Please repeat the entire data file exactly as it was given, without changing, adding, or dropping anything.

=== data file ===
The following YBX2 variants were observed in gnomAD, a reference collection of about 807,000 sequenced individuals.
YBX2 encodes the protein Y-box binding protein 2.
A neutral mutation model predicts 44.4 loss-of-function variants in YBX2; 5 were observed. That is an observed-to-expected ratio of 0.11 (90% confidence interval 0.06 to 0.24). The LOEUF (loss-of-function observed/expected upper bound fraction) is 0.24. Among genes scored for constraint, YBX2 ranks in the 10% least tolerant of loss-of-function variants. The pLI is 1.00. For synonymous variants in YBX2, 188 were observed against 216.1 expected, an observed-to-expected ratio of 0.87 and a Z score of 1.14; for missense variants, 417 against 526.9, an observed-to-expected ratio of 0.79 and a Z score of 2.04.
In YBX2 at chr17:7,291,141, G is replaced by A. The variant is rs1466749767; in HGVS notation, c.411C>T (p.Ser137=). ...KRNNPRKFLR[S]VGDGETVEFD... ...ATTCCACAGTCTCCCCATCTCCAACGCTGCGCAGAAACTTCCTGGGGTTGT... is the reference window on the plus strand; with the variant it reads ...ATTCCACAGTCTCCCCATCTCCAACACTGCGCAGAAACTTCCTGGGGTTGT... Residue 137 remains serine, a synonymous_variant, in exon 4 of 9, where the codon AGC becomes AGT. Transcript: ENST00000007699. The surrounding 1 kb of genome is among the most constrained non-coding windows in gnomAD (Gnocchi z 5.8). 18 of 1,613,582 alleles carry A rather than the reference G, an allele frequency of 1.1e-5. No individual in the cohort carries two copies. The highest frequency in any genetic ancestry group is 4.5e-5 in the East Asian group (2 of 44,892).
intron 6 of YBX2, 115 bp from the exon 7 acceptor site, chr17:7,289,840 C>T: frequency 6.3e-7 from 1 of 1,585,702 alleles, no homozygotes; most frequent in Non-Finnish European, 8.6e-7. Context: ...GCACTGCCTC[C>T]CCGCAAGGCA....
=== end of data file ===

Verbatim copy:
The following YBX2 variants were observed in gnomAD, a reference collection of about 807,000 sequenced individuals.
YBX2 encodes the protein Y-box binding protein 2.
A neutral mutation model predicts 44.4 loss-of-function variants in YBX2; 5 were observed. That is an observed-to-expected ratio of 0.11 (90% confidence interval 0.06 to 0.24). The LOEUF (loss-of-function observed/expected upper bound fraction) is 0.24. Among genes scored for constraint, YBX2 ranks in the 10% least tolerant of loss-of-function variants. The pLI is 1.00. For synonymous variants in YBX2, 188 were observed against 216.1 expected, an observed-to-expected ratio of 0.87 and a Z score of 1.14; for missense variants, 417 against 526.9, an observed-to-expected ratio of 0.79 and a Z score of 2.04.
In YBX2 at chr17:7,291,141, G is replaced by A. The variant is rs1466749767; in HGVS notation, c.411C>T (p.Ser137=). ...KRNNPRKFLR[S]VGDGETVEFD... ...ATTCCACAGTCTCCCCATCTCCAACGCTGCGCAGAAACTTCCTGGGGTTGT... is the reference window on the plus strand; with the variant it reads ...ATTCCACAGTCTCCCCATCTCCAACACTGCGCAGAAACTTCCTGGGGTTGT... Residue 137 remains serine, a synonymous_variant, in exon 4 of 9, where the codon AGC becomes AGT. Transcript: ENST00000007699. The surrounding 1 kb of genome is among the most constrained non-coding windows in gnomAD (Gnocchi z 5.8). 18 of 1,613,582 alleles carry A rather than the reference G, an allele frequency of 1.1e-5. No individual in the cohort carries two copies. The highest frequency in any genetic ancestry group is 4.5e-5 in the East Asian group (2 of 44,892).
intron 6 of YBX2, 115 bp from the exon 7 acceptor site, chr17:7,289,840 C>T: frequency 6.3e-7 from 1 of 1,585,702 alleles, no homozygotes; most frequent in Non-Finnish European, 8.6e-7. Context: ...GCACTGCCTC[C>T]CCGCAAGGCA....